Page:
Understanding Glaucoma Treatments: Eye Drops and Selective Laser Trabeculoplasty

Hello, I’m Dr. Erin Lally, a board-certified ophthalmologist specializing in cataract surgery, glaucoma, and retinal diseases. In this post, I aim to clarify some common queries about the treatment options for glaucoma, focusing specifically on Selective Laser Trabeculoplasty (SLT). Whether you’re newly diagnosed with glaucoma or seeking more effective treatment options, understanding these therapies can help you make informed decisions about your eye health.

Eye Drops vs. Selective Laser Trabeculoplasty (SLT)

Glaucoma is a complex eye condition that requires careful management to prevent vision loss. The primary goal is to lower the intraocular pressure (IOP) which, if left untreated, can lead to damage to the optic nerve and irreversible blindness. The initial approach often involves the use of medicated eye drops, which help lower IOP by either reducing the amount of fluid the eye produces or improving its flow out of the eye. However, for some patients, eye drops may not be sufficient or ideal due to side effects, allergies, or difficulties with adherence to the treatment regimen.

Selective Laser Trabeculoplasty, or SLT, is a laser treatment that targets the trabecular meshwork — the eye’s drainage system — to improve the outflow of fluid from the eye and effectively reduce IOP. One of the main benefits of SLT is that it can decrease the dependence on eye drops and, in some cases, replace them entirely.

Common Questions About Selective Laser Trabeculoplasty (SLT)

 Who is a candidate for SLT?

SLT is particularly suited for patients who have been diagnosed with open-angle glaucoma, the most common form of the condition. It is an excellent option for individuals who struggle with compliance to a daily medication regimen or experience significant side effects from eye drops. Additionally, SLT can be used as a primary treatment for those seeking a non-invasive option or as an adjunct therapy for patients who need additional IOP reduction.

How does SLT work?

SLT uses an advanced laser system to deliver low-energy light pulses to specific cells in the trabecular meshwork. The procedure stimulates the body’s natural healing mechanisms to enhance fluid drainage, lowering intraocular pressure. The entire process is quick, typically taking about five minutes per eye, and is performed in my office.

Why is it called Selective?

The term ‘selective’ comes from the laser’s ability to selectively target specific cells within the trabecular meshwork without causing thermal damage to surrounding tissues. This selectivity is crucial for preserving the structure of the drainage angle, which is vital for long-term eye health.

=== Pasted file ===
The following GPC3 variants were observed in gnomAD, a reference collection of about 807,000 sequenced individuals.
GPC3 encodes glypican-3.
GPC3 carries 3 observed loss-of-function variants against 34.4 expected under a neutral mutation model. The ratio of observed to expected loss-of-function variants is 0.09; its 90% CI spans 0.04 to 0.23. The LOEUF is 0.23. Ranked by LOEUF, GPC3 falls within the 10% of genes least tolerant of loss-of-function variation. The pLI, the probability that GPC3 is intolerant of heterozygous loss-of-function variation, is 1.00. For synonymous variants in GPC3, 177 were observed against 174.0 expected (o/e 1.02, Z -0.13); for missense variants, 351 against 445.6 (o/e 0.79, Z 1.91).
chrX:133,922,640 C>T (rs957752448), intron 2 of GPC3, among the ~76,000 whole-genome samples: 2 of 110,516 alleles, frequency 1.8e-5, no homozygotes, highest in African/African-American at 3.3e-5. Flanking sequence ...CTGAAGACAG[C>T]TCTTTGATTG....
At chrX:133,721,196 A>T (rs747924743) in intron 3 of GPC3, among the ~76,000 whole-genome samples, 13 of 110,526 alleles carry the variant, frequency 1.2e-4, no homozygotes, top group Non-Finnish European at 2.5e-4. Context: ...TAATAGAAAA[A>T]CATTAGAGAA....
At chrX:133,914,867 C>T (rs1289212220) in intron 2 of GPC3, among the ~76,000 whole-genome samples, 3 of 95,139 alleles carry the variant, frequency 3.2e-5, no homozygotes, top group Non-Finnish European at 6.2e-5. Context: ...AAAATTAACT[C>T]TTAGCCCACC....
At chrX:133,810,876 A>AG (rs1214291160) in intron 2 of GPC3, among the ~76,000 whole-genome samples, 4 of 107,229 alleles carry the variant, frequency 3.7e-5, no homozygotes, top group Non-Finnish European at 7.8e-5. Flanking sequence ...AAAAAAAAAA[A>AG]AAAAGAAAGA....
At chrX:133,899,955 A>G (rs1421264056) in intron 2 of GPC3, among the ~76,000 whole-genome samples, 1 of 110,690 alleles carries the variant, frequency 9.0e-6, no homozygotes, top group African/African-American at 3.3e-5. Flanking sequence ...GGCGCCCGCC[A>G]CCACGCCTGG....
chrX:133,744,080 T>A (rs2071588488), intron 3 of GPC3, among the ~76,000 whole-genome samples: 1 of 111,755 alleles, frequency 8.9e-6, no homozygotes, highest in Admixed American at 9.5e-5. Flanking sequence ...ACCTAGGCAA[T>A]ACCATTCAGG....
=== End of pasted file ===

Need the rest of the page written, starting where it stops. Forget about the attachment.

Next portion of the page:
What are the risks of Selective Laser Trabeculoplasty?

SLT is generally safe with a low risk of complications. Some patients may experience temporary increased eye pressure, inflammation, or mild pain immediately following the procedure. However, these side effects are typically transient and can be effectively managed with anti-inflammatory eye drops.

How effective is SLT and how long does it last?

The effectiveness of SLT can vary, but it typically reduces eye pressure by about 20-30%. The results can last from 1 to 5 years, depending on individual factors such as the underlying health of the eye’s drainage system and the patient’s overall eye health. For some, a repeat procedure might be necessary to maintain optimal IOP levels.

What happens if it wears off?

If the effects of SLT wear off, the procedure can often be repeated. Many patients experience similar IOP reduction with subsequent treatments. Your ophthalmologist will monitor your eye pressure and recommend when a repeat SLT might be beneficial.

What happens if the SLT treatment doesn’t work?

While SLT is effective for many, it does not work for everyone. If there is inadequate reduction in IOP or if the treatment is not effective, additional glaucoma treatments, including alternative medications or surgical options, may be considered. Each patient’s treatment plan is tailored to their specific needs.

What is the cost of Selective Laser Trabeculoplasty (SLT)?

The cost of SLT can vary depending on geographical location and the healthcare facility. It is generally covered by most health insurance plans as it is recognized as a standard treatment for glaucoma. However, patients should check with their insurance provider for specific coverage details.

Will I still need to use glaucoma medications if I have the SLT treatment?

The term ‘selective’ comes from the laser’s ability to selectively target specific cells within the trabecular meshwork without causing thermal damage to surrounding tissues. This selectivity is crucial for preserving the structure of the drainage angle, which is vital for long-term eye health.

What are the alternative laser treatments for glaucoma?

Apart from SLT, other laser treatments for glaucoma include Argon Laser Trabeculoplasty (ALT) and Micropulse Laser Trabeculoplasty (MLT). Each has its advantages and suitability depending on the patient’s specific condition and history. Discussing these options with an ophthalmologist can help determine the most appropriate treatment.


In conclusion, both medicated eye drops and SLT offer valuable options for managing glaucoma. The choice between these treatments depends on a variety of factors, including the severity of the condition, patient preferences, and medical history. As your ophthalmologist, I am here to provide personalized advice and support, helping you to achieve the best possible outcome for your eye health. Remember, early detection and treatment are key to managing glaucoma and preserving your vision.

Dr. Erin Lally, MD
Board Certified Ophthalmologist
Specialist in Anterior Segment and Retina

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